http://www.high.org/~/media/Sites/HMA...

http://www.tripadvisor.com/LocationPh...

The mobile I remember I recall as in the lobby when I was there many years ago now. At the time, comparing the museum with NYC's plethora, it seemed as if Atlanta still felt the aftermath of Sherman's March and the destruction of Southern wealth.

http://www.tripadvisor.com/LocationPh...

http://en.wikipedia.org/wiki/Alexande...

"Throughout the 1930s, Calder continued to give Cirque Calder performances, but he also worked with choreographer Martha Graham, designing stage sets for her ballets and created a moving stage construction to accompany Eric Satie's Socrate in 1936." [Bold added.]


message 32: by LindaJ^ (new)

LindaJ^ (lindajs) | 2354 comments Peter wrote: "A further thought about this: maybe Eggers felt the need to roll all of the social media companies into one because the current situation, where your privacy is nibbled to death by ducks by many di..."

If I remember correctly, the Circle had bought Facebook and others -- there's a comment at one point about the Facebook information being in the Circle's archives.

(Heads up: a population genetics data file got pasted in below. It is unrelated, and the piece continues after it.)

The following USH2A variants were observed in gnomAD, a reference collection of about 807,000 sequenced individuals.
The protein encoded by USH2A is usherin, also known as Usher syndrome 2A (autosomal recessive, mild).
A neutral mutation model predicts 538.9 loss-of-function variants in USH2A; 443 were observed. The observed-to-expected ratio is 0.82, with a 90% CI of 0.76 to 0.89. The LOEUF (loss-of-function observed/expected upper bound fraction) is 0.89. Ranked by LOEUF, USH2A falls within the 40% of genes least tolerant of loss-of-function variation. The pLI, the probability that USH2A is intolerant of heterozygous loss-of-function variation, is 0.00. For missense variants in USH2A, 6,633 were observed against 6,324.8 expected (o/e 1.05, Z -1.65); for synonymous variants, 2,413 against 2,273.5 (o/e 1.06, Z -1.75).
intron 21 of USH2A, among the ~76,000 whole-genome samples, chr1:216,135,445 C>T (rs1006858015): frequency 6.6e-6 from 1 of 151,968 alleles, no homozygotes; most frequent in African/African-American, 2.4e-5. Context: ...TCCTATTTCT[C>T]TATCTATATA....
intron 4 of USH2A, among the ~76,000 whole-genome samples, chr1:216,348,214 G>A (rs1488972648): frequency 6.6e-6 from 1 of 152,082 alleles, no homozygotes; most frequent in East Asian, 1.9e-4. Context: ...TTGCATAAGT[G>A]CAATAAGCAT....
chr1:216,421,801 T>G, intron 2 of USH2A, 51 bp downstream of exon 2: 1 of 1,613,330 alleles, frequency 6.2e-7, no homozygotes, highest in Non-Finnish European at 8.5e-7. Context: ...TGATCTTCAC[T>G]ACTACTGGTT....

And this brings back to mind your prior comment (perhaps on another thread?) about government getting off without criticism. Perhaps its ineffectiveness or unwillingness to take the Circle on (and the ease with which the elected representatives took the pledge) is some sort of condemnation?


message 33: by Peter (new)

Peter Aronson (peteraronson) | 516 comments The thing is, even with current weak antitrust environment, I can't see anything like The Circle being allowed to be created by purchasing all of the social media companies. (And don't get me started about the comic-book means that The Circle used to take down government officials that threatened them. You could get away with that once, maybe twice, but after a certain point it'd be noticed. And the NSA is also responsible for the protection of U.S. government communications and information systems.)